Source: EurekAlert! - Infectious and Emerging Diseases - August 18, 2016 Category: Infectious Diseases Source Type: news

Virologic Failure After Treatment Initiation in Acute HIV Virologic Failure After Treatment Initiation in Acute HIV
What do we know about viral dynamics after the initiation of antiretroviral therapy during acute HIV infection?AIDS (Source: Medscape Hiv-Aids Headlines)
Source: Medscape Hiv-Aids Headlines - August 17, 2016 Category: Infectious Diseases Tags: HIV/AIDS Journal Article Source Type: news

Predicting Virological Decay in Patients Starting cART Predicting Virological Decay in Patients Starting cART
Learn how virological decay may be estimated in treatment-naive HIV patients after the initiation of cART.AIDS (Source: Medscape Hiv-Aids Headlines)
Source: Medscape Hiv-Aids Headlines - August 10, 2016 Category: Infectious Diseases Tags: HIV/AIDS Journal Article Source Type: news

Wiley provides free access to latest Zika research to coincide with events in Brazil
Wiley has made available all of its published Zika content on one sitewww.wiley.com/go/zika to coincide with events in Brazil, a territory that has seen increased cases of Zika Virus recently. Access will be freely available until 30 September. New research from medicine, entomology, obstetrics, neuroscience and more will be added to Wiley’s Zika page as it becomes available along with interactive content such as interviews, podcasts and videos, providing the latest updates on Zika virus. Zika virus is transmitted primarily by Aedes mosquitoes and has been linked to causing neurological complications in humans. Recen...
Source: News from STM - August 9, 2016 Category: Databases & Libraries Authors: STM Publishing News Tags: Featured World Source Type: news

Zika Virus: Pediatric Grand Round
University of California, Los Angeles (UCLA) Mattel Children's Hospital. 03/04/2016This 51-minute presentation reviews the background epidemiology, biology, and virology of the Zika virus. It discusses some research questions and challenges of current research about Zika; the link between Zika infection, microcephaly, and other potential complications; and work in progress on Zika transmission. (Video or Multimedia) (Source: Disaster Lit: Resource Guide for Disaster Medicine and Public Health)
Source: Disaster Lit: Resource Guide for Disaster Medicine and Public Health - July 19, 2016 Category: Global & Universal Authors: The U.S. National Library of Medicine Source Type: news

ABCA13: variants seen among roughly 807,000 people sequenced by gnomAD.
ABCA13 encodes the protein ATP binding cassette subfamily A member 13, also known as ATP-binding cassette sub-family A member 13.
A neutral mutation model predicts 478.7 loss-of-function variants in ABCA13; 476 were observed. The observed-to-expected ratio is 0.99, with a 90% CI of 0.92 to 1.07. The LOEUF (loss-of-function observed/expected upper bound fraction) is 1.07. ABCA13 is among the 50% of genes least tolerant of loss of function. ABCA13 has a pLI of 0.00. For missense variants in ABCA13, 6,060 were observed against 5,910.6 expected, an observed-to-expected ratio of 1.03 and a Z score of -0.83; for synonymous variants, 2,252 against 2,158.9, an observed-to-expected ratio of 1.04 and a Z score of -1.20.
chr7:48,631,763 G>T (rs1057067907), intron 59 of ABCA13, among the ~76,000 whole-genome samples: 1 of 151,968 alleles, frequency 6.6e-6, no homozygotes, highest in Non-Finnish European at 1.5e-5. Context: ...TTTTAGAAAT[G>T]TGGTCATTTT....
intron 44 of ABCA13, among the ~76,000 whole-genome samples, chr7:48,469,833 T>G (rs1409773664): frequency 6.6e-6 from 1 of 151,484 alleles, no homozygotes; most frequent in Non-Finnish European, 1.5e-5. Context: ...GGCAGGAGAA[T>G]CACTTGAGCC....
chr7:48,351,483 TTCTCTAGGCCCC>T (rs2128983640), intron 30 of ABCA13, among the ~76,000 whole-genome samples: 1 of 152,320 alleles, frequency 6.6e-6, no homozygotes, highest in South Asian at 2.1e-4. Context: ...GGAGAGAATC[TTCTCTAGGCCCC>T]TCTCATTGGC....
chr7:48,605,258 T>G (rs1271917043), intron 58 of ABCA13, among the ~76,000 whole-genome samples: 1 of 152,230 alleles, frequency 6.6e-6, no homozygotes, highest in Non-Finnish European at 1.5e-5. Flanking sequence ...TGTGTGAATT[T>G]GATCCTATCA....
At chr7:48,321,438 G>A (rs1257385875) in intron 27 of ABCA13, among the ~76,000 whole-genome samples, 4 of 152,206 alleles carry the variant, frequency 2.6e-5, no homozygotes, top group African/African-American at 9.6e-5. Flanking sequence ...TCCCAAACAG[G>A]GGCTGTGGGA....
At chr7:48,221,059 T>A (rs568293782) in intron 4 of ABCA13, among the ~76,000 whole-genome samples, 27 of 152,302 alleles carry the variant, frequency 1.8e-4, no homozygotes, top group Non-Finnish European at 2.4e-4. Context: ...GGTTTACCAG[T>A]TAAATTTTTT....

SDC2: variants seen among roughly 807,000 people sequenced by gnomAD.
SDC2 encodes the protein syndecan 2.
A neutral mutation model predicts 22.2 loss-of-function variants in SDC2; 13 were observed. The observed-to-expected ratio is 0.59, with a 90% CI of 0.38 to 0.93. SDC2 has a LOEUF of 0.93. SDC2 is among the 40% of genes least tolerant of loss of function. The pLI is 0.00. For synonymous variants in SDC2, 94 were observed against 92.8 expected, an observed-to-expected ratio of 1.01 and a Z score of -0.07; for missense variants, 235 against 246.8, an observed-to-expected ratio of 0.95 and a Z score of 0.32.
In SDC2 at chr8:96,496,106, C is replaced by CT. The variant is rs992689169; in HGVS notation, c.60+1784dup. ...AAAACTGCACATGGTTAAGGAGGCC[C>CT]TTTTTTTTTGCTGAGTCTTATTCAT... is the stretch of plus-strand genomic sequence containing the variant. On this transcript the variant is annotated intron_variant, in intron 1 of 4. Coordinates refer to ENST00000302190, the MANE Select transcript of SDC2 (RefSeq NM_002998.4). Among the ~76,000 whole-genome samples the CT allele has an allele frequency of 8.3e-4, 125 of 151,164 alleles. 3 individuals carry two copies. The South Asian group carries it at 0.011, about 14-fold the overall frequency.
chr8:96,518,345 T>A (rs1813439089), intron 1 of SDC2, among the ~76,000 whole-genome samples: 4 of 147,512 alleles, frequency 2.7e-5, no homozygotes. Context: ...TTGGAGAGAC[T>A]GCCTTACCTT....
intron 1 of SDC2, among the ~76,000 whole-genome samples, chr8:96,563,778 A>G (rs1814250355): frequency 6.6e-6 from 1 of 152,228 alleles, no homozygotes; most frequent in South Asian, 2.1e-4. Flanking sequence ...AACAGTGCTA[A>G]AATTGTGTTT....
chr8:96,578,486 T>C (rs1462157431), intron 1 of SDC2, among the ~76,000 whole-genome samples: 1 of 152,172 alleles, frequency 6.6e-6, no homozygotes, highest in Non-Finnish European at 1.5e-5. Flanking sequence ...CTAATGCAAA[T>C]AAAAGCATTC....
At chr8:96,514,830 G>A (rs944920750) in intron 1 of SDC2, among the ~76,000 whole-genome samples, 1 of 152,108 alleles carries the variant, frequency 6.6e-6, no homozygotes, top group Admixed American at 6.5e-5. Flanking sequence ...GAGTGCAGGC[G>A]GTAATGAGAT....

Zika Diagnostic Tools, Testing Algorithms, and Interpretation Guidance
Centers for Disease Control and Prevention. 06/13/2016This 29-page document provides presentation slides from a teleconference that is part of a series of Zika Action Plan (ZAP) Summit follow-up teleconferences. Speakers discuss Zika Virology and History, Zika Diagnostics, Diagnostic Testing Algorithms, and Test Interpretation Guidance. Other topics include Surge Capacity for Zika Diagnostic Testing in the U.S., and the U.S. Pregnancy Registries. (Video or Multimedia) (Source: Disaster Lit: Resource Guide for Disaster Medicine and Public Health)
Source: Disaster Lit: Resource Guide for Disaster Medicine and Public Health - July 18, 2016 Category: Global & Universal Authors: The U.S. National Library of Medicine Source Type: news

Cancer-fighting gene immunotherapy shows promise as treatment for HIV
A type of immunotherapy that has shown promising results against cancer could also be used against HIV, the virus that causes AIDS. In a study published July 11 in the peer-reviewed Journal of Virology, researchers from the UCLA AIDS Institute and Center for AIDS Research found that recently discovered potent antibodies can be used to generate a specific type of cell called chimeric antigen receptors, or CARs, that can be used to kill cells infected with HIV-1. CARs are artificially created immune T cells that have been engineered to produce receptors on their surface that are designed to target and kill specific cells con...
Source: UCLA Newsroom: Health Sciences - July 15, 2016 Category: Universities & Medical Training Source Type: news

Study examines risk of HIV transmission from condomless sex with virologically suppressed HIV infection
Among nearly 900 serodifferent (one partner is HIV-positive, one is HIV-negative) heterosexual and men who have sex with men couples in which the HIV-positive partner was using suppressive antiretroviral therapy and who reported condomless sex, during a median follow-up of 1.3 years per couple, there were no documented cases of within-couple HIV transmission, according to a new study. (Source: ScienceDaily Headlines)
Source: ScienceDaily Headlines - July 12, 2016 Category: Science Source Type: news

Researchers Cast Doubt on CRISPR-Like System in Giant Viruses
Virologists challenge the hypothesis that mimiviruses posses a nucleic acid defense mechanism. (Source: The Scientist)
Source: The Scientist - July 7, 2016 Category: Science Tags: Daily News Source Type: news

UMN researchers find distinct differences in structure, features of retroviruses
(University of Minnesota Academic Health Center) In the most comprehensive study of its kind, researchers in the Institute for Molecular Virology and School of Dentistry at the University of Minnesota report that most types of retroviruses have distinct, non-identical virus structures. (Source: EurekAlert! - Cancer)
Source: EurekAlert! - Cancer - July 5, 2016 Category: Cancer & Oncology Source Type: news

Cancer-fighting gene immunotherapy shows promise as possible treatment for HIV
A type of immunotherapy that has shown promising results against cancer could also be used against HIV, the virus that causes AIDS. In a study published July 11 in the peer-reviewed Journal of Virology, researchers from the UCLA AIDS Institute and Center for AIDS Research found that recently discovered potent antibodies can be used to generate a specific type of cell called chimeric antigen receptors, or CARs, that can be used to kill cells infected with HIV-1. CARs are artificially created immune T cells that have been engineered to produce receptors on their surface that are designed to target and kill specific cells con...